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All beginnings are difficult. Studies show that, on average, nine out of ten start-ups fail (1), and the shark tank that is the financial industry isn’t exactly renowned for allowing tender start-up shoots to flourish. The risk of failure and the fierce competition should not, however, deter you from launching your own FinTech. Instead, you can learn from others’ mistakes. Anyone seeking to start a successful FinTech company should carefully examine why others fail and avoid making the same mistakes.
So how do FinTech entrepreneurs meet the demands of a competitive and turbulent market, while trying to make it out on top? Tobias Schreyer, Co-Founder of PPRO Group reveals how:
Tip 1: Thoroughly analyse your market
The crux of any start-up is the business idea. The fact that an idea initially looks promising, however, is no guarantee that it will work in practice. The key here is for FinTech start-ups to begin analysing the market as early as possible to determine whether there is an appropriate and suitably large target audience for their business. By far the most common reason for the failure of a start-up is that there is no market for their idea. You must know the size of target market, what the competition is like, and what prices comparable products and services are fetching. Never ignore market analyses and align your business plan precisely with the results.
Tip 2: Secure your funding in advance
Even (and sometimes, particularly!) FinTech start-ups want to attract financial backing. As with any other start-up, the issue of funding is right at the top of every FinTech start-up’s list. This issue can be roughly divided into two sections. The first is self-explanatory and covers the considerations which should be part of a traditional business plan and the questions which should ideally be resolved before the company is founded. These include things like how much capital is needed, the outgoings expected, and the potential profits. This is where you should investigate loans for company founders or appropriate grants and subsidies. The second part of the funding issue is more FinTech-specific. As, in most cases, you will be competing with banks or other FinTechs with a lot more money, so attracting partners and potential investors early on in the process is important. You should look for people who are excited about your idea and ready to invest.
Tip 3: Always keep an eye on your finances, particularly post-launch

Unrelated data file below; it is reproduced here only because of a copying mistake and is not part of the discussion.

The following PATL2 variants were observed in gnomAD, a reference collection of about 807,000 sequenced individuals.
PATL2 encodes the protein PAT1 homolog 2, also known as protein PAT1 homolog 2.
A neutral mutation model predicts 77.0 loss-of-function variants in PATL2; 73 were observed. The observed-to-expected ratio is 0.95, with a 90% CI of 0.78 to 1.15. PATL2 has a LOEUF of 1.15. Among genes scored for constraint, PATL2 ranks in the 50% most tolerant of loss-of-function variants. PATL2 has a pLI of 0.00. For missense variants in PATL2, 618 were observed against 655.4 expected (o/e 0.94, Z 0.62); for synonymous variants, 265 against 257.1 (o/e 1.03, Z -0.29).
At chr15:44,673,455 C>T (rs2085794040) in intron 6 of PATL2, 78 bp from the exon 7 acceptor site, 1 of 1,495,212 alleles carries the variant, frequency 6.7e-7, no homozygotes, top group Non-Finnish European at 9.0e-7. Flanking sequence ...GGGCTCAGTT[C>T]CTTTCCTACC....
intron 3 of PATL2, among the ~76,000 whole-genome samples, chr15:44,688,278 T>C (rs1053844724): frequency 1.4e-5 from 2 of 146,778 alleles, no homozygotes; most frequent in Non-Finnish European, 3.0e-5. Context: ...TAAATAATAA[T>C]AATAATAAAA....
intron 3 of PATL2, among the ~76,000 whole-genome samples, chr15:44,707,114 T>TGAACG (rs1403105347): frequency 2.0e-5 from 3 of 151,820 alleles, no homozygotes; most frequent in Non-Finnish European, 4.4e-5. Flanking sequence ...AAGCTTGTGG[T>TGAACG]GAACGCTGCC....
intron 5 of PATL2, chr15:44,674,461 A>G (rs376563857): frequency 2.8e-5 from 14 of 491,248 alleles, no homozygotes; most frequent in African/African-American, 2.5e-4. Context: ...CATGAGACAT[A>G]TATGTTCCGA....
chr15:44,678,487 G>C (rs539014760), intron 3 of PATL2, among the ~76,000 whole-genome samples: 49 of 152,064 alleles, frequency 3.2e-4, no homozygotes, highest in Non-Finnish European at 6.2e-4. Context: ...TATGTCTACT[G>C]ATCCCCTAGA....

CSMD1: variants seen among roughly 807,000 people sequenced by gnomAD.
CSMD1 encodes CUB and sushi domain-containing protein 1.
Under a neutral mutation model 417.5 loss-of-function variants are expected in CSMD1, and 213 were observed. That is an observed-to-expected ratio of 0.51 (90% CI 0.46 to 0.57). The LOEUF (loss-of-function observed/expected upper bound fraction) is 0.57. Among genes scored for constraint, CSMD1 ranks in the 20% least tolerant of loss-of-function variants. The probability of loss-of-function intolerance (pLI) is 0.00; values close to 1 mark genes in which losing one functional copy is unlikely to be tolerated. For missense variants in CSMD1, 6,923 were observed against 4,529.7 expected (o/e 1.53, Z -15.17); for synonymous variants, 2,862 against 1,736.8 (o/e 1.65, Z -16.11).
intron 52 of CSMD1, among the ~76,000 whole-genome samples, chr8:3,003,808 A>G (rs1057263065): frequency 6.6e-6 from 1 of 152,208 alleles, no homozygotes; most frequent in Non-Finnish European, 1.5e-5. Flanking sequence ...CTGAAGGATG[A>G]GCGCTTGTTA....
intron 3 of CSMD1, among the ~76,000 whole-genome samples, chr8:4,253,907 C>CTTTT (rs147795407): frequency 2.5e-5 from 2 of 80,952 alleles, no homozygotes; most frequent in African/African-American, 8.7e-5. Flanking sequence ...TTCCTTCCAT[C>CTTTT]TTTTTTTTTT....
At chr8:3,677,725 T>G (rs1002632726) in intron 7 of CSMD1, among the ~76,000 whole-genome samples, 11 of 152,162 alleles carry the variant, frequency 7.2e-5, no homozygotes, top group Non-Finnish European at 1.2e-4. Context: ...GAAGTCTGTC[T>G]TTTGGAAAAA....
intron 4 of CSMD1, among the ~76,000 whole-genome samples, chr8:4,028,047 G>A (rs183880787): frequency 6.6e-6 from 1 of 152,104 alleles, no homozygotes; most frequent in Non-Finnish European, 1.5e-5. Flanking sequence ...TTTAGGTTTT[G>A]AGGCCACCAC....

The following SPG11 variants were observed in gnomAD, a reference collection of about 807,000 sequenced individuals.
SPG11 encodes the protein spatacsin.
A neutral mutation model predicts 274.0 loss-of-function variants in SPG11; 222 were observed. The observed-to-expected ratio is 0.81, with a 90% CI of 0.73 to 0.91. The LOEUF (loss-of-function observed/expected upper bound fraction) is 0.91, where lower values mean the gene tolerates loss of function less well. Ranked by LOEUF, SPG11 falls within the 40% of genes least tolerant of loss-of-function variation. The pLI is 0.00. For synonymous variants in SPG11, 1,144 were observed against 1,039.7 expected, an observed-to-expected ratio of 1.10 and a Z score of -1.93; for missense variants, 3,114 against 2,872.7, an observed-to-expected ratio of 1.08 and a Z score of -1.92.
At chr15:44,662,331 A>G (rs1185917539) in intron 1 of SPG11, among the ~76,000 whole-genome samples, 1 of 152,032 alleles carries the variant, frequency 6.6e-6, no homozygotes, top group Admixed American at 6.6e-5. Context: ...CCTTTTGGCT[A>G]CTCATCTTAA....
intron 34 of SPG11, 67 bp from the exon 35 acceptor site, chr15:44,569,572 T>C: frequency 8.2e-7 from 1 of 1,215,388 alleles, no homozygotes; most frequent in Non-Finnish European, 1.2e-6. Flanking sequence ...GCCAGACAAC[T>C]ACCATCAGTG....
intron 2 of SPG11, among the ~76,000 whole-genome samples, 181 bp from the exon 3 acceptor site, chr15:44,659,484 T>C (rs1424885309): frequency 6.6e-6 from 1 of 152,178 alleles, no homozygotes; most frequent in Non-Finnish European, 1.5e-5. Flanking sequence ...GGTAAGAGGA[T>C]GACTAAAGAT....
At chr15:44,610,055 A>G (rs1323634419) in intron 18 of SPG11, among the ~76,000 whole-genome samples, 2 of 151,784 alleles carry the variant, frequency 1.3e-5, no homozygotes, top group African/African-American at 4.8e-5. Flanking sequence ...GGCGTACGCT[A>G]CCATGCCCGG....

After the business idea, finances are the highest priority for any start-up, including FinTechs. This is a very broad subject. Not only should the company be liquid, it should also have a handle on accounting and taxes. Seemingly simple tasks like setting up a business bank account or applying for a company credit card can be a challenge initially. What if you have a business trip coming up, but your bank won’t give you a company credit card? What if it’s simply not available soon enough? Nowadays there are many clever financial products on the market which can also be used directly and easily by start-ups. Prepaid credit cards with associated online accounts are quick to set up, but are also secure and flexible to use. The centralised company account provides an overview of all expenses at all times, as well as the requisite flexibility when expenses arise. You must never lose sight of your company’s financial status. This may seem obvious, but failure to manage finances has spelt the downfall of many a start-up.
Tip 4: Determine the appropriate form of organisation for your company
Choosing the right legal form of organisation is an important decision for a new company, and one that start-ups need to consider very carefully. Although, once selected, the legal form is not set in stone, changing it later can involve some effort. The form of organisation defines the legal and taxation framework conditions for a company, so your choice must suit the needs of a FinTech start-up.
Tip 5: Apply for licenses and register in good time
Start-ups should focus much of their attention on their product offering and customers, but even the best product and customer service can be at risk if you don’t have a handle on your day-to-day business operations. Start-ups must perform a great many administrative tasks, including registering with the tax office, listing the company in the commercial register, accounting, sales tax, and more. But to add to that already extensive list, FinTech’s are also subject to additional regulatory pressures. The second Payment Service Directive (PSD2) will, for example, come into force at the beginning of 2018 and can mean major changes for providers of alternative payment methods. Any financial service which can make automated payments at an end-user’s request while collecting and transferring data must obtain a PSD2 licence from the national financial regulatory authority.